One research assistant (RA) position for the 2020/2021 academic year for 172 hours with a possible addition
of 47 hours. The RA will work with Profs. Naoko Ellis and Anne Murphy in gathering data relevant to develop a
transdisciplinary graduate course.
Sept 1, 2020 - Aug 31, 2021
Initial phase: 172 hours at $32/hr including benefits
Possible extension: 47 hours at $32/hr including benefits
Transition to a low carbon economy is one of the greatest challenges societies have ever faced. The
transformative change required for this transition necessitates knowledge production not only from
technological innovation and infrastructural realignment, but also building social and cultural narratives about
what this future will look like. Young leaders of tomorrow tell us that it is not more technical solutions or facts
that they need to learn about climate change. They seek to realize ways to imagine a future that is different
than the trajectory of the current “burning” world. This course offers graduate students the opportunity to come
together from diverse disciplines and examine their assumptions, views and values, and actively participate in
building narratives and imagining a future together.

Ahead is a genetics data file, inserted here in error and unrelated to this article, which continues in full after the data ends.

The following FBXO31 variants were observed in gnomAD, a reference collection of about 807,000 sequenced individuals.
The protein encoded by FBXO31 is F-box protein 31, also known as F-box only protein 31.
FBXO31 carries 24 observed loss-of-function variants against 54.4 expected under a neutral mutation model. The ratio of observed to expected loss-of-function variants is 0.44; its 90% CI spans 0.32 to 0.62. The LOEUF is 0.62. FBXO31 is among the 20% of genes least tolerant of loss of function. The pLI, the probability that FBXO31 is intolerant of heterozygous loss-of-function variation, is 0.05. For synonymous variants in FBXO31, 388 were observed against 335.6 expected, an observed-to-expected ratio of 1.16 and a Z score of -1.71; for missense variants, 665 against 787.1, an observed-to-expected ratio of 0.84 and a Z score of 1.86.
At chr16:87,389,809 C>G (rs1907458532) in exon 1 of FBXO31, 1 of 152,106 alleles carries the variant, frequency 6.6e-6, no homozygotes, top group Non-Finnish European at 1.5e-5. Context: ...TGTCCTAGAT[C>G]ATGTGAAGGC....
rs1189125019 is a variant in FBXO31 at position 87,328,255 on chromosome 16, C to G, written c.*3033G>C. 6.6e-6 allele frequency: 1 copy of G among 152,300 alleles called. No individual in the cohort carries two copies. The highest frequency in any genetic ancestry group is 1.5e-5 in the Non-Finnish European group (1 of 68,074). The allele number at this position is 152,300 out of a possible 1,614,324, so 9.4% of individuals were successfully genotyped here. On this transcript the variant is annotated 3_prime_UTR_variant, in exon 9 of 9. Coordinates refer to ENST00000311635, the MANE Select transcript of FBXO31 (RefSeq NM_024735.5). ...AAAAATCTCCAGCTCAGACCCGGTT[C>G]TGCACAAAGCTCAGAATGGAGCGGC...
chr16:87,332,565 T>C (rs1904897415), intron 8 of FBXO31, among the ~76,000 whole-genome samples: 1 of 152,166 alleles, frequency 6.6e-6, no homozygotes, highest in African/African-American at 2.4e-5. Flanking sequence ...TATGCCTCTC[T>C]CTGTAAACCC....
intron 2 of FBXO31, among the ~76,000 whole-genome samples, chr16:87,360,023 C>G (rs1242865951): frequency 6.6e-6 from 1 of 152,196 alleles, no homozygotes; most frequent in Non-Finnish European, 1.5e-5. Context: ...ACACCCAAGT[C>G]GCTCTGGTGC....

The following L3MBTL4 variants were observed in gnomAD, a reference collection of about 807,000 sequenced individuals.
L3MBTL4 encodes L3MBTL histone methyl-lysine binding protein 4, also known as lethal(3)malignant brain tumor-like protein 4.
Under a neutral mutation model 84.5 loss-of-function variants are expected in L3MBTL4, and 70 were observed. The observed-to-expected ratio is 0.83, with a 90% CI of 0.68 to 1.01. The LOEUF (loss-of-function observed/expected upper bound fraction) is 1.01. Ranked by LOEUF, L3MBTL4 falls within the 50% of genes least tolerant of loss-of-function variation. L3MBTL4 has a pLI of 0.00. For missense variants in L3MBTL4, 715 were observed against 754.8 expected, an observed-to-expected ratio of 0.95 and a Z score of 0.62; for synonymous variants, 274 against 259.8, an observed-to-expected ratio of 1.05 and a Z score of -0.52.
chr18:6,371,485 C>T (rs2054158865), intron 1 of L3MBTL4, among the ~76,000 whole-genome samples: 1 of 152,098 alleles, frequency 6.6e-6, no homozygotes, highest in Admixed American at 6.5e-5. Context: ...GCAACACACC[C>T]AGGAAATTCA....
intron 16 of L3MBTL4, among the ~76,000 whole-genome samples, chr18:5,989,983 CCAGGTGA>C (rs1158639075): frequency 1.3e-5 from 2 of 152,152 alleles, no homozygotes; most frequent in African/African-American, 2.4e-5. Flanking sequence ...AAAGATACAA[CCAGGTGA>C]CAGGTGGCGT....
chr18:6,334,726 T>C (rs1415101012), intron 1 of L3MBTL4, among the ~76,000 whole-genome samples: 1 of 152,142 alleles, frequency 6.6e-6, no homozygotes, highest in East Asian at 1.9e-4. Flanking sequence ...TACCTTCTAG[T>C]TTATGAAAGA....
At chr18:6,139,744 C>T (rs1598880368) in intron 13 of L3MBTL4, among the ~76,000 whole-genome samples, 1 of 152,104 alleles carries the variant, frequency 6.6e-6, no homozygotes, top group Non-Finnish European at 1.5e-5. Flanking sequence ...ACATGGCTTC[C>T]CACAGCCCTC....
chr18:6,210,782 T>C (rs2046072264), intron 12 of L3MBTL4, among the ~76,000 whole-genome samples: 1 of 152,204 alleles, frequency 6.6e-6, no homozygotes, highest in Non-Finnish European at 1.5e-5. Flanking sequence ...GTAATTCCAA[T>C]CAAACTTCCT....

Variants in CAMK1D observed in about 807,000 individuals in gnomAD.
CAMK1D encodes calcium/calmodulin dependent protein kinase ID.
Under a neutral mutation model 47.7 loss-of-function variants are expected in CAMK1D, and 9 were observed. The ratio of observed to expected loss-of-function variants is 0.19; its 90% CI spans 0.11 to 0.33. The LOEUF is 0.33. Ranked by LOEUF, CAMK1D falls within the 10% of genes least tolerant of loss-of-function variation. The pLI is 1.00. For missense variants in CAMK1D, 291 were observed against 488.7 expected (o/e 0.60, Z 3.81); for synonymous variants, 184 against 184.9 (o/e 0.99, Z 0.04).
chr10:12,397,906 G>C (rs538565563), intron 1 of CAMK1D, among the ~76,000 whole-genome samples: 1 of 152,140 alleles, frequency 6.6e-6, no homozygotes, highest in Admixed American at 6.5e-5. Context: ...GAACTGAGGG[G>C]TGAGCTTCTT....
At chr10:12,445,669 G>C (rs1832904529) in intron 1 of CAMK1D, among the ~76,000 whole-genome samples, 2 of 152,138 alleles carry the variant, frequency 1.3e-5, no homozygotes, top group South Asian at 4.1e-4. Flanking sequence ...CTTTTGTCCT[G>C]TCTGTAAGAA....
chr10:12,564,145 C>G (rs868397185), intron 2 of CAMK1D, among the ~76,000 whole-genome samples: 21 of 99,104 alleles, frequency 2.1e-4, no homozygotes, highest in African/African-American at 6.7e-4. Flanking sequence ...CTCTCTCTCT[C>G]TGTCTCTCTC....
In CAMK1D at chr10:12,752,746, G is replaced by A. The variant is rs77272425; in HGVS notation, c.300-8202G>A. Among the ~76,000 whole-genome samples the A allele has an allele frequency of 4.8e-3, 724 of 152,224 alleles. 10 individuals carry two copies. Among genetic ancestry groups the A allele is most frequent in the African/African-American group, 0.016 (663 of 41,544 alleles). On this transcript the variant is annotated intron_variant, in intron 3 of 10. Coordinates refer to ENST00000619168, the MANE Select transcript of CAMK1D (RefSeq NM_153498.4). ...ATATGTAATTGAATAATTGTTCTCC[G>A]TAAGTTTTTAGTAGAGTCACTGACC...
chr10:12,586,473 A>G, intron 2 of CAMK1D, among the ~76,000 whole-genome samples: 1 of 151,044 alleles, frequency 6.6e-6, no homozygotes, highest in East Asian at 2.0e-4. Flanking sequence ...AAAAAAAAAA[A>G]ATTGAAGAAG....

The proposed new course will be facilitated by Murphy (ARTS) and Ellis (APSC) to foster rich conversations
and engagement in recognition that the transformation required for transition necessitates not only
technological innovation, but also the building of new social and cultural narratives and representations about
the nature of our world and what it will take to change it. We will engage the imagination to consider what such
a future might look like, where such issues are understood, addressed, and lived. We will develop a
“workshop” course model where grad students develop case studies in different cultural and temporal locations
to explore the resources (natural, scientific, cultural and imaginative) that can transform the human relationship
with the earth.
Under Objective A, several steps are proposed to collect data from those involved in transdisciplinary (TD)
research at UBC. We ask the RA to take a lead in conducting this aspect of the project.
A1: Identify graduate students and faculty supervisors who are engaged in TD research. Initially, we will start
with IRES and ISGP and then extend to other units. Solicit past participants of the re-imagining PhD
Symposium and Public Scholars Initiative to participate in the survey.
A2: Work with the Collaborative PhD Working Group to identify approaches to pedagogy that promote
A3: Build an online survey on Qualtrics to address the respondent’s: general awareness of interdisciplinary or
transdisciplinary research; perception on the barriers, enablers, and benefits of TD research; views on enabling
skills that support their TD research; and sense of how TD research fits into their personal and professional
A4: Analyze survey data and summarize in a report. Share results with Sustainability Fellows.
A5: Identify key learning outcomes for the proposed course based on the survey analysis
A6: Articulate research questions around TD learning (decide if we will do this